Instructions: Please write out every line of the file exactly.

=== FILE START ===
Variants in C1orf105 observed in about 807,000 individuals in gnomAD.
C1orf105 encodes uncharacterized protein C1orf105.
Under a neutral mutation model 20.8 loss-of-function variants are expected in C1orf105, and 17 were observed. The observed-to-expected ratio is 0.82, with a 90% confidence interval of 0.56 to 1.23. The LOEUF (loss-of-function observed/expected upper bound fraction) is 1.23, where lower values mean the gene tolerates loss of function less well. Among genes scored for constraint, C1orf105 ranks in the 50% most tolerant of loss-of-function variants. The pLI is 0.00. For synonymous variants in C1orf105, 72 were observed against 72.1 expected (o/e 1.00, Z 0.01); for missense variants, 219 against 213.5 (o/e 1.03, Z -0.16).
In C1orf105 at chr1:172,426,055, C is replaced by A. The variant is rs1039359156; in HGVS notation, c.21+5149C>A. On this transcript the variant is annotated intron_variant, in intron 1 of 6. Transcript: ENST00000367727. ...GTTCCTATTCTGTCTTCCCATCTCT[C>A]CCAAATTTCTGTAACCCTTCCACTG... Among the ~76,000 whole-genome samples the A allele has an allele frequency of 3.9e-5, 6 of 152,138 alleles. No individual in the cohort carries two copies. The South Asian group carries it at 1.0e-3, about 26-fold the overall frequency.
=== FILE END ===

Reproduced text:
Variants in C1orf105 observed in about 807,000 individuals in gnomAD.
C1orf105 encodes uncharacterized protein C1orf105.
Under a neutral mutation model 20.8 loss-of-function variants are expected in C1orf105, and 17 were observed. The observed-to-expected ratio is 0.82, with a 90% confidence interval of 0.56 to 1.23. The LOEUF (loss-of-function observed/expected upper bound fraction) is 1.23, where lower values mean the gene tolerates loss of function less well. Among genes scored for constraint, C1orf105 ranks in the 50% most tolerant of loss-of-function variants. The pLI is 0.00. For synonymous variants in C1orf105, 72 were observed against 72.1 expected (o/e 1.00, Z 0.01); for missense variants, 219 against 213.5 (o/e 1.03, Z -0.16).
In C1orf105 at chr1:172,426,055, C is replaced by A. The variant is rs1039359156; in HGVS notation, c.21+5149C>A. On this transcript the variant is annotated intron_variant, in intron 1 of 6. Transcript: ENST00000367727. ...GTTCCTATTCTGTCTTCCCATCTCT[C>A]CCAAATTTCTGTAACCCTTCCACTG... Among the ~76,000 whole-genome samples the A allele has an allele frequency of 3.9e-5, 6 of 152,138 alleles. No individual in the cohort carries two copies. The South Asian group carries it at 1.0e-3, about 26-fold the overall frequency.